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Happy Centennial, Royal Ontario Museum!

One hundred years ago today, the museum opened its doors.

Front page, the News, March 19, 1914

Front page, the News, March 19, 1914.

As with any major building preparing for its grand opening, work on the Royal Ontario Museum went down to the wire. “A corps of charwomen polished, scrubbed, and dusted,” the Star observed the day before the museum greeted its first official visitors, “and unfinished exhibits were being rapidly and accurately fitted into their places.” That there were still unopened boxes in the basement didn’t faze anyone.

One hundred years ago this afternoon, just after 3 p.m., around 1,000 dignitaries attended the ROM’s opening ceremony. It was the culmination of years of planning, and of assembling artifacts drawn from private collections, provincial holdings, and the University of Toronto’s museums.

The museum was a joint partnership between the province and the university, which agreed in 1910 to split the $400,000 construction budget. A sense of the new institution’s direction was outlined by archaeology director Charles Trick Currelly the following year:

From the first the material has been gathered together with definite scientific aim, i.e., to show the development of handicraft in the world. It thus becomes a text book of the development of civilization on its mechanical side, and is in no sense a dilettante collection of pretty things or an accumulation of “curios.” There is not a curiosity in the collection, and practically not an object that is isolated, but each thing fits into a place in a series that has been carefully thought out. There are many gaps, but there is reasonable hope that these will be filled up in the future, so that the visitors to and students in the museum will have a continuous picture of the world’s civilization from the rude Palaeolithic implement found on the Libyan desert or deep in European gravels, right down to modern times.

Royal Ontario Museum building, circa 1912. City of Toronto Archives, Fonds 1244, Item 3046.

By the time the museum was ready to open in 1914, its purpose had been refined into three roles:

The collection and exhibition of objects of every kind calculated to illustrate the natural history of Ontario, and thereby to aid in a knowledge of what is able to contribute to science and industry; Collection and exhibition of objects of any kind calculated to illustrate the natural history of the world, and the history of man in all ages; Such other objects as may be authorized by the Lieutenant-Governor in Council.

The ROM originally served as an umbrella institution for five museums that operated semi-independently until the 1950s. Its components were dedicated to archaeology, geology, mineralogy, natural history, and palaeontology. Collections that had been housed in various locations on the U of T campus and at the Ontario Provincial Museum at the Toronto Normal School (located on the present site of Ryerson University) were brought under one roof, in a building designed by noted architects Frank Darling and John A. Pearson.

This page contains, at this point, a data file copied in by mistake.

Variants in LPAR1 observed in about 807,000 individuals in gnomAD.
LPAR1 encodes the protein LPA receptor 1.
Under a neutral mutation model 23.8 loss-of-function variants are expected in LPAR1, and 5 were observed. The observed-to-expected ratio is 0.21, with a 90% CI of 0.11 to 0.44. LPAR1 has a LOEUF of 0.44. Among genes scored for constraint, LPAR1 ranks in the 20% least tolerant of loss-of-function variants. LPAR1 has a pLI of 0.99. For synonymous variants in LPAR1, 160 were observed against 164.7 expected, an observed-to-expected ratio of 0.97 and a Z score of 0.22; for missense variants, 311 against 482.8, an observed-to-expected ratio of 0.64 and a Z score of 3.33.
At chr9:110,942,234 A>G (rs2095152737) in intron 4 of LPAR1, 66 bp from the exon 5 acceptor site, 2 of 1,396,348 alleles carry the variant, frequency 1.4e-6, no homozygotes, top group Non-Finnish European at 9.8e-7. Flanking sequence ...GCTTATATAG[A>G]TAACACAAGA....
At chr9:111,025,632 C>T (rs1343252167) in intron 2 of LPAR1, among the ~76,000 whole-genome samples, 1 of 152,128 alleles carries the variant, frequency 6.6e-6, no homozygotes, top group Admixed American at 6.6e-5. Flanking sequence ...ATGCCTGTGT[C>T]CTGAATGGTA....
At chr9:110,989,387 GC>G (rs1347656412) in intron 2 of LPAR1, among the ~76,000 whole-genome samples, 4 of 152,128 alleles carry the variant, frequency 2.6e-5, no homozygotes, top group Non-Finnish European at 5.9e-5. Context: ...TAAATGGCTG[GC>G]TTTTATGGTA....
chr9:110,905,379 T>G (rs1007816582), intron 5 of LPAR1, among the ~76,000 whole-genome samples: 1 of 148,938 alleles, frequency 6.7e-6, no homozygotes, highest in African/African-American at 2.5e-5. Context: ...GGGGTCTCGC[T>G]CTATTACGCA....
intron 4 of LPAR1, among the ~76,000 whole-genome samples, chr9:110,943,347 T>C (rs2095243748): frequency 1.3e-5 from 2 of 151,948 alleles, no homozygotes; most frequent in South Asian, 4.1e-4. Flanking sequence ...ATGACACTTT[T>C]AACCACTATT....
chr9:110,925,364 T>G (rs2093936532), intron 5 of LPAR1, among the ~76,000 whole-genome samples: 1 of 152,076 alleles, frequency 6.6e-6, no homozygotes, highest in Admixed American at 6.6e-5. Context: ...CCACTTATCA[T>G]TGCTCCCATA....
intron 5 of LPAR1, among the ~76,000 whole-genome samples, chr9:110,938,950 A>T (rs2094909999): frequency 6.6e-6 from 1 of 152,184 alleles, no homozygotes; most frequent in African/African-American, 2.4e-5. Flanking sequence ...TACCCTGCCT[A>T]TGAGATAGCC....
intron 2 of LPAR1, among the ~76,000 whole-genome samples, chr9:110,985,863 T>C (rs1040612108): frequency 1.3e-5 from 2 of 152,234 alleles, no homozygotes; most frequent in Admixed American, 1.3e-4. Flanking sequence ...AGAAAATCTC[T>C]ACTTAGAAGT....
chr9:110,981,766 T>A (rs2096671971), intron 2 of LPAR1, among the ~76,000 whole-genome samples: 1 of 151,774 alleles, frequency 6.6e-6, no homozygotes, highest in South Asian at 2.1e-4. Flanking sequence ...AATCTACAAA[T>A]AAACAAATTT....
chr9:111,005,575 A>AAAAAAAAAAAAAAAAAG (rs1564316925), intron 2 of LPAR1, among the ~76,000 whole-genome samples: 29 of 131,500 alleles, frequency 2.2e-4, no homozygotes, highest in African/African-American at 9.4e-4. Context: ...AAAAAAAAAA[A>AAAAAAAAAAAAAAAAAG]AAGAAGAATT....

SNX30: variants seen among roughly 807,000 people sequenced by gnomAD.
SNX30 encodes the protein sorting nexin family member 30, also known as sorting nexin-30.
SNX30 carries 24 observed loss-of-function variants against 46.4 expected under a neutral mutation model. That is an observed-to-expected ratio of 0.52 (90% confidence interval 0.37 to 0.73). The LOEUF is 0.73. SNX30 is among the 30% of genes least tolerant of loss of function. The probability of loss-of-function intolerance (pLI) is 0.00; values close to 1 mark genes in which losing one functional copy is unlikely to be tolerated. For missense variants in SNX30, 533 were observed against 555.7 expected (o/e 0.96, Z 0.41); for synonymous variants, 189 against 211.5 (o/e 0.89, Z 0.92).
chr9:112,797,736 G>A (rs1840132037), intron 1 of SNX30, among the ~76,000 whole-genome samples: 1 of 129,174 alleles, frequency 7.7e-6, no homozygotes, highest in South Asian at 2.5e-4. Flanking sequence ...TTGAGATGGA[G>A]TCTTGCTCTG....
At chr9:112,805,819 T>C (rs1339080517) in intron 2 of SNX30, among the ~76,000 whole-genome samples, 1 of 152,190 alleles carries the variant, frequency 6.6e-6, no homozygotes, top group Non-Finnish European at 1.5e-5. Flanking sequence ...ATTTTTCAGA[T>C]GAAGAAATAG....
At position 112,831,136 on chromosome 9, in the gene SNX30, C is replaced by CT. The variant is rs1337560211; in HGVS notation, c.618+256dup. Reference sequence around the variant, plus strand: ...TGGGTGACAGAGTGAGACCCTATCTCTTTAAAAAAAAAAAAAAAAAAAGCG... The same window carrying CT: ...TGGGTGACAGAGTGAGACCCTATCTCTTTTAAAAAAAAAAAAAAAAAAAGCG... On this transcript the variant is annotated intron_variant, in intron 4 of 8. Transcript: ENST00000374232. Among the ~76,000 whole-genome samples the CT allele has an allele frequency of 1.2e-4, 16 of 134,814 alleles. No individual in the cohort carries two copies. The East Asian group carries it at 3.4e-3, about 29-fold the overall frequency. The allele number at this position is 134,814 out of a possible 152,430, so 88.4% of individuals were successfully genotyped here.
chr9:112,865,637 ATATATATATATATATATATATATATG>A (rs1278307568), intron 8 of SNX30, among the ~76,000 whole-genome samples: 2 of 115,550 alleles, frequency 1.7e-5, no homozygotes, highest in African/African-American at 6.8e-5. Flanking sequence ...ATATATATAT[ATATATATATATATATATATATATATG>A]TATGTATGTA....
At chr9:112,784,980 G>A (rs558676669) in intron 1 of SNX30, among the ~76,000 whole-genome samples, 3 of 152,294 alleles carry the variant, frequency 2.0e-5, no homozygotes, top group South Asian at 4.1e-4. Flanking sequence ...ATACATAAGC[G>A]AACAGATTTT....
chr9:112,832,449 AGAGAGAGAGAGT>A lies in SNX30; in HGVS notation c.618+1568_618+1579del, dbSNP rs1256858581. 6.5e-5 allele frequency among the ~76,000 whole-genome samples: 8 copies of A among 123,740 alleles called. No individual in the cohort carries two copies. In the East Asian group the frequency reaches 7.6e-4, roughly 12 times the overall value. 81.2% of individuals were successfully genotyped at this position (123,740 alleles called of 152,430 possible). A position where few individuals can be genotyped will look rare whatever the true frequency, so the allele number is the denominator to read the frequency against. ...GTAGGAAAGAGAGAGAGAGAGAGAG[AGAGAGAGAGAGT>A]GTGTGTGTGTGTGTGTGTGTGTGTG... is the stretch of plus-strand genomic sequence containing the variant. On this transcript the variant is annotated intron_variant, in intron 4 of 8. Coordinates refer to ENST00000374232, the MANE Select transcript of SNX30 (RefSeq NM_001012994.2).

A pair of early ROM acquisitions  Toronto Star, February 14, 1914

A pair of early ROM acquisitions. Toronto Star, February 14, 1914.

From the start, the ROM was bursting with artifacts. Preview newspaper articles boasted of the 60,000 specimens held by the palaeontology museum, including ancient trilobites found in New Brunswick and fossils discovered in the Don Valley Brick Works. The papers waxed poetic about “the mystic art of the embalmer in ancient Egypt” and offered photos of items described as “Old German instruments of torture.” Officials admitted it would take another year to finish labelling the displays. Among the early exhibit donors was Sir Henry Pellatt of Casa Loma fame, who could perhaps have used his collection of arms and armour to fend off creditors a decade later.

The official opening ceremony began with a speech by Sir Edmund Walker, chair of the museum’s board of trustees, on the development of the museum. He portrayed its gestation as the result of a labour of love by the directors of its component museums. Walker also observed that because North Americans were generally more concerned with material things, our museums took longer to develop than those in Europe.

After remarks from U of T president Robert Falconer, the podium was turned over to the Governor General, the Duke of Connaught. It was a busy day for Queen Victoria’s third son, as his dedication of the ROM was sandwiched between a visit to the Boy Scouts’ provincial headquarters and the dedication of the Howard Memorial Gates at High Park. Besides praising the museum, the Duke mentioned two dignitaries unable to attend due to illness—his wife (he thanked the guests for their best wishes), and Premier James Pliny Whitney (who was recovering from exhaustion and a heart attack).

After opening the ROM, the Duke of Connaught spoke at the dedication of the Howard Memorial Gates in High Park. Sir Henry Pellatt is standing at the back. Photo taken March 19, 1914. City of Toronto Archives, Fonds 1244, Item 8092.

The audience applauded the Duke’s concluding remarks:

I conclude by expressing my hope and belief that interest in the museum will not be allowed to flag in the future, but that this institution will ever be a pride to the citizens of Toronto, and will keep pace and size with the growth and development of the city.